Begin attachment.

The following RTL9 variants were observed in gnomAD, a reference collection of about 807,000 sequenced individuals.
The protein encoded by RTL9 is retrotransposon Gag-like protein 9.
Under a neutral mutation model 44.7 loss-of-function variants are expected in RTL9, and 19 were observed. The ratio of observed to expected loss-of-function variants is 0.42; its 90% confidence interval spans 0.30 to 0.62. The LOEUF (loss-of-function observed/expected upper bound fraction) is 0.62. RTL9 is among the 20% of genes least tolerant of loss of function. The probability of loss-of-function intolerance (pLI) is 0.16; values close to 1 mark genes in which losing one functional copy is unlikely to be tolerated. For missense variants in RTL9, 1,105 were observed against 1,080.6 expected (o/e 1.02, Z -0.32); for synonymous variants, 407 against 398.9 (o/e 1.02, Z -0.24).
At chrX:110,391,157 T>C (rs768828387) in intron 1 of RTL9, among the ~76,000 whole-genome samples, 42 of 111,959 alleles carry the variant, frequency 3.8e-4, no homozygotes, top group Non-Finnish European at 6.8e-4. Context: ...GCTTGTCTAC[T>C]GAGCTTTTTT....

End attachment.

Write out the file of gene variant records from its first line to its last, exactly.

The following RTL9 variants were observed in gnomAD, a reference collection of about 807,000 sequenced individuals.
The protein encoded by RTL9 is retrotransposon Gag-like protein 9.
Under a neutral mutation model 44.7 loss-of-function variants are expected in RTL9, and 19 were observed. The ratio of observed to expected loss-of-function variants is 0.42; its 90% confidence interval spans 0.30 to 0.62. The LOEUF (loss-of-function observed/expected upper bound fraction) is 0.62. RTL9 is among the 20% of genes least tolerant of loss of function. The probability of loss-of-function intolerance (pLI) is 0.16; values close to 1 mark genes in which losing one functional copy is unlikely to be tolerated. For missense variants in RTL9, 1,105 were observed against 1,080.6 expected (o/e 1.02, Z -0.32); for synonymous variants, 407 against 398.9 (o/e 1.02, Z -0.24).
At chrX:110,391,157 T>C (rs768828387) in intron 1 of RTL9, among the ~76,000 whole-genome samples, 42 of 111,959 alleles carry the variant, frequency 3.8e-4, no homozygotes, top group Non-Finnish European at 6.8e-4. Context: ...GCTTGTCTAC[T>C]GAGCTTTTTT....